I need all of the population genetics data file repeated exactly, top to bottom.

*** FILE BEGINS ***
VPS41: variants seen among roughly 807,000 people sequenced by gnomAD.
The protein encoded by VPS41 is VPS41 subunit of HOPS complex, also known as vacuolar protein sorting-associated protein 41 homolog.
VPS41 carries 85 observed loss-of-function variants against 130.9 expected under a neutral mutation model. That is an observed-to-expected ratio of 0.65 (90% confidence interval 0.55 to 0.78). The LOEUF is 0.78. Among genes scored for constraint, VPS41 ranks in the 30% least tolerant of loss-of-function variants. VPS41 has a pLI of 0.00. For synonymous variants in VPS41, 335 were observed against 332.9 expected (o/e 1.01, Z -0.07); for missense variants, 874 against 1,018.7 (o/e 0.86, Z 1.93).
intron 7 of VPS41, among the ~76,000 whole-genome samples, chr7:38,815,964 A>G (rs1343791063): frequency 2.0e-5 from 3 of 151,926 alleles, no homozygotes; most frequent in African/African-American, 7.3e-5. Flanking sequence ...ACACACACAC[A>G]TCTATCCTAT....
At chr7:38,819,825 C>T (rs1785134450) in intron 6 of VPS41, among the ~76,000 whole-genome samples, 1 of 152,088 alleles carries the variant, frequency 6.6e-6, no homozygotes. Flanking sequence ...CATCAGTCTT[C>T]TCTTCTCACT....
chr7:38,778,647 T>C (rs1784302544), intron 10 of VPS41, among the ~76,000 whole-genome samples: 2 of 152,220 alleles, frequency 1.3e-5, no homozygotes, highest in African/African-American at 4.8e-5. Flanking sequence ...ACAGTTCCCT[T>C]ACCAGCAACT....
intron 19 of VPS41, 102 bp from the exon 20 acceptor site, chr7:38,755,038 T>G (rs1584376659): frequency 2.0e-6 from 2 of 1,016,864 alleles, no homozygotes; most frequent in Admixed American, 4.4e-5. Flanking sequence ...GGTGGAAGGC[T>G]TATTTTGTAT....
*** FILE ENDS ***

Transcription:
VPS41: variants seen among roughly 807,000 people sequenced by gnomAD.
The protein encoded by VPS41 is VPS41 subunit of HOPS complex, also known as vacuolar protein sorting-associated protein 41 homolog.
VPS41 carries 85 observed loss-of-function variants against 130.9 expected under a neutral mutation model. That is an observed-to-expected ratio of 0.65 (90% confidence interval 0.55 to 0.78). The LOEUF is 0.78. Among genes scored for constraint, VPS41 ranks in the 30% least tolerant of loss-of-function variants. VPS41 has a pLI of 0.00. For synonymous variants in VPS41, 335 were observed against 332.9 expected (o/e 1.01, Z -0.07); for missense variants, 874 against 1,018.7 (o/e 0.86, Z 1.93).
intron 7 of VPS41, among the ~76,000 whole-genome samples, chr7:38,815,964 A>G (rs1343791063): frequency 2.0e-5 from 3 of 151,926 alleles, no homozygotes; most frequent in African/African-American, 7.3e-5. Flanking sequence ...ACACACACAC[A>G]TCTATCCTAT....
At chr7:38,819,825 C>T (rs1785134450) in intron 6 of VPS41, among the ~76,000 whole-genome samples, 1 of 152,088 alleles carries the variant, frequency 6.6e-6, no homozygotes. Flanking sequence ...CATCAGTCTT[C>T]TCTTCTCACT....
chr7:38,778,647 T>C (rs1784302544), intron 10 of VPS41, among the ~76,000 whole-genome samples: 2 of 152,220 alleles, frequency 1.3e-5, no homozygotes, highest in African/African-American at 4.8e-5. Flanking sequence ...ACAGTTCCCT[T>C]ACCAGCAACT....
intron 19 of VPS41, 102 bp from the exon 20 acceptor site, chr7:38,755,038 T>G (rs1584376659): frequency 2.0e-6 from 2 of 1,016,864 alleles, no homozygotes; most frequent in Admixed American, 4.4e-5. Flanking sequence ...GGTGGAAGGC[T>G]TATTTTGTAT....